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The frustrating part for me is when the journey is not an adventure.  Making hotel and plane reservations do indeed try my patience.  I prefer to travel in a way that does not require advanced planning for every step of the way.  Yet, even planning the complicated logistics of a longer trip or one with multiple participants or specific objectives to accomplish can stimulate me.  In that case, it may be less excitement that I am feeling, and more a positive type of stress.  It is that feeling that I imagine Captain Lewis to have had while planning his famous journey to discover what would become the western two-thirds of the United States.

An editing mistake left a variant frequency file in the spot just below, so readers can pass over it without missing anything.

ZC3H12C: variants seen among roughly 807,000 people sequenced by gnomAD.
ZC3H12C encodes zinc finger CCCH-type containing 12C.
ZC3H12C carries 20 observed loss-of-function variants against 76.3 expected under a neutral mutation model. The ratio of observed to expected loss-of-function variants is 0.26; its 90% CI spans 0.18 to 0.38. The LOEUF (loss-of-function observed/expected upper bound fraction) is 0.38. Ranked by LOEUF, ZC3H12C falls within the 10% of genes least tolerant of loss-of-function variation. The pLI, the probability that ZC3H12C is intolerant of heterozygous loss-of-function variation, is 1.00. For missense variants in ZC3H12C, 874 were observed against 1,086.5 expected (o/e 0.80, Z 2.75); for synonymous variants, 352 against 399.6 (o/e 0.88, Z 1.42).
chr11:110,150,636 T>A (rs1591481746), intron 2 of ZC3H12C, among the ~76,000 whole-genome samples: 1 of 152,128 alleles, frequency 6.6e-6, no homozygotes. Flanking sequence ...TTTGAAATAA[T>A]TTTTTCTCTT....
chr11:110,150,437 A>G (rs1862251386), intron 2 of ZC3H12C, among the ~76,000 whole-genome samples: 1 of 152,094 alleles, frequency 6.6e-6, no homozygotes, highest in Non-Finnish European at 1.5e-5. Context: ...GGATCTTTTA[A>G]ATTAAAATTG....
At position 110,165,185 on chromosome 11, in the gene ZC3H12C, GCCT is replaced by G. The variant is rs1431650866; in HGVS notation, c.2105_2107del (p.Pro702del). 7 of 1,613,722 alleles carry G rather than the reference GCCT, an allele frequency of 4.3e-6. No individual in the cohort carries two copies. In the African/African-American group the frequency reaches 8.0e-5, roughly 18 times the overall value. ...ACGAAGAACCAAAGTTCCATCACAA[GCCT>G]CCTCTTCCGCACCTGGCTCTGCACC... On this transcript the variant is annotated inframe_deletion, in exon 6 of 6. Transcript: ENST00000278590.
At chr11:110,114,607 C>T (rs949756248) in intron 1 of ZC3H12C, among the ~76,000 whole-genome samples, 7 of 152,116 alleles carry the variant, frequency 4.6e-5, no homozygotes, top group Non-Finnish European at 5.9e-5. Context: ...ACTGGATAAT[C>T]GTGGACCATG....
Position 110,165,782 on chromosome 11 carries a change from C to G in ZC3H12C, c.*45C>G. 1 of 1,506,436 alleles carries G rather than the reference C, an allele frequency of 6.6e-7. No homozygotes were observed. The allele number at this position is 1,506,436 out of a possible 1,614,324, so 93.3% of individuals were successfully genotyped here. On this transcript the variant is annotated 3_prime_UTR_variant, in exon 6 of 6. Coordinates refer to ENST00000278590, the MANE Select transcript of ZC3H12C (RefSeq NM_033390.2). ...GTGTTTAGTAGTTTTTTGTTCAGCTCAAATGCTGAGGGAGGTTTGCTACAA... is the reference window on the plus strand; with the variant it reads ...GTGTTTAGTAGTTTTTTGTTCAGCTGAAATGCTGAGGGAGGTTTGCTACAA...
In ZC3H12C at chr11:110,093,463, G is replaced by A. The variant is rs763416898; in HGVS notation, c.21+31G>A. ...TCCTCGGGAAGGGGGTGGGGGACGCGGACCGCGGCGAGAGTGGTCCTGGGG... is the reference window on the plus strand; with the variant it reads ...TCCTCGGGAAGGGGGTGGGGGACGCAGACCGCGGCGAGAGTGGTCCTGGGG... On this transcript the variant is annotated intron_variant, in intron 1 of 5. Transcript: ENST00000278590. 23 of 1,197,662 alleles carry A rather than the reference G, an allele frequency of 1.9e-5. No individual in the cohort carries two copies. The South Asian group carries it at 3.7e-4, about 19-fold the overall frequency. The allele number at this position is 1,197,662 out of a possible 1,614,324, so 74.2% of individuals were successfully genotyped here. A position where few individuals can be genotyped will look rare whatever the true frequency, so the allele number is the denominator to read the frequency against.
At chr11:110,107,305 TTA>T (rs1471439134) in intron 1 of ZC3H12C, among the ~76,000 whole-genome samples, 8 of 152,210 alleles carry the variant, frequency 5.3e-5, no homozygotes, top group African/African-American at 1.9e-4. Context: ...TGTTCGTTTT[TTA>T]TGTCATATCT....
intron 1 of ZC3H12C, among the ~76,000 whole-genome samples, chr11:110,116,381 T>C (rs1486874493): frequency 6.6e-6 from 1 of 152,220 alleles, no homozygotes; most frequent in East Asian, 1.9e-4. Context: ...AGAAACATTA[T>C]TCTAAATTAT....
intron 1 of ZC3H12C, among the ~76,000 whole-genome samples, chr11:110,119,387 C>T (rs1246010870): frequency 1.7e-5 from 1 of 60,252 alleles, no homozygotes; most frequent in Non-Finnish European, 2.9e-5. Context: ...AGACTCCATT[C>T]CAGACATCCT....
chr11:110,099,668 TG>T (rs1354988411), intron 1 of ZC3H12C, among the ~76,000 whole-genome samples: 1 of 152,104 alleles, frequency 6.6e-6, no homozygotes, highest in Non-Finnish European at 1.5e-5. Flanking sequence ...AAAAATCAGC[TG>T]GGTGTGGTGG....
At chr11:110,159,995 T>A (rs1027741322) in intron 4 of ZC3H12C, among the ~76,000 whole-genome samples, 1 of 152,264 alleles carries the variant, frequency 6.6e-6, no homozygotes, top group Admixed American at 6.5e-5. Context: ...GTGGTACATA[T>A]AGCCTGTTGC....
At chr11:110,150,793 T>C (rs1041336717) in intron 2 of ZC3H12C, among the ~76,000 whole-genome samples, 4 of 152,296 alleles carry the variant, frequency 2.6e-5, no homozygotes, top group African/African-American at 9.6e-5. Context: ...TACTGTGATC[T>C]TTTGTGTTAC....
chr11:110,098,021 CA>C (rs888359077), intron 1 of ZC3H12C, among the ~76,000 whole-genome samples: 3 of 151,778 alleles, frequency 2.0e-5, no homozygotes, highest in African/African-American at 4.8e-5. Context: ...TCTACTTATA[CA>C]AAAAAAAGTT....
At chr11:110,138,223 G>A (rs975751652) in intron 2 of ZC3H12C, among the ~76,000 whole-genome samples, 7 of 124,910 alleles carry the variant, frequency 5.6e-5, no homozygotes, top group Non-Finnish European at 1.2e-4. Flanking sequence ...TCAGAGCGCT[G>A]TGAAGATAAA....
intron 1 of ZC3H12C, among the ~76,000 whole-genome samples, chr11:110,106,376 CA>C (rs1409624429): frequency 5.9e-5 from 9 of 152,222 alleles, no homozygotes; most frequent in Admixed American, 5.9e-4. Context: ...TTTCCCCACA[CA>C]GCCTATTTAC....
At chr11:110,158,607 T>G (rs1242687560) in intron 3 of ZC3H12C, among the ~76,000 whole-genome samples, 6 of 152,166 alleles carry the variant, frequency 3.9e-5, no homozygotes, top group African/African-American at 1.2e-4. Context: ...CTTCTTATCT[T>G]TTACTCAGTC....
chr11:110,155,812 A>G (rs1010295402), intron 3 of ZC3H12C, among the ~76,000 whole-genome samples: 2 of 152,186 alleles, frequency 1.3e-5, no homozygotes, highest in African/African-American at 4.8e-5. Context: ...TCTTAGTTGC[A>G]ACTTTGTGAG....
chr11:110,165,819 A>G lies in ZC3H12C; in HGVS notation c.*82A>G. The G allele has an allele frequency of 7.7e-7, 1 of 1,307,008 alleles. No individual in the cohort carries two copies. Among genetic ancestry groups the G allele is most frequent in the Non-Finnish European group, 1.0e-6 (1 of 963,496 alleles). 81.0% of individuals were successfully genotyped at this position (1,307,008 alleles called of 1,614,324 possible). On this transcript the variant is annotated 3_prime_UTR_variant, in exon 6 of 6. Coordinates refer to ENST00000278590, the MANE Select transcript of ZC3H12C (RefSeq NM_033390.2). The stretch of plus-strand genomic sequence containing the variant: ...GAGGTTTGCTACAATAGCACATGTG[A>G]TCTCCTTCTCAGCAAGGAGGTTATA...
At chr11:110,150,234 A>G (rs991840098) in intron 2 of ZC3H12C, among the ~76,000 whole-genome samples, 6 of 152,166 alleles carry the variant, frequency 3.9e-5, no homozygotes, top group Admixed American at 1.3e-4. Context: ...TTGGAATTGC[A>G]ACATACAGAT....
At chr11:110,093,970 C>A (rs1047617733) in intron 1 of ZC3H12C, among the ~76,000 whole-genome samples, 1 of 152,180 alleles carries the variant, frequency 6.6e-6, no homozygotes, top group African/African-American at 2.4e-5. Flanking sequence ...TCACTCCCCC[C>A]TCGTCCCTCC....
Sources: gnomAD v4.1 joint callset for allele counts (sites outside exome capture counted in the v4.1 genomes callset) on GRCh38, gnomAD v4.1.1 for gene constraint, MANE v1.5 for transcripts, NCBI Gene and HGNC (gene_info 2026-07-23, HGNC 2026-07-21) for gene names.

What about you?  Do you find planning and packing to be exhilarating or frustrating?  Do you have tups to make the process go more smoothly?  What is your favorite part about planning for a journey?

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The photos on this page document the packing portion of a research project that I worked with in Chile, ten years ago.  We not only had to pack our personal items, but also quite a bit of our food for four months, as well as materials for the project, including fence construction.  These photos show us packing the gear once in Santiago, then bringing it to the boat yard in Valparaiso, where it was loaded into crates for its journey to our island destination.  That was, indeed, a frustrating project!  And yes, we packed many things that we never used, and not enough of some items we couldn’t do without!  Luckily, we were not in uncharted waters, and were able to make things turn out alright in the end.

 

Buffalo Trace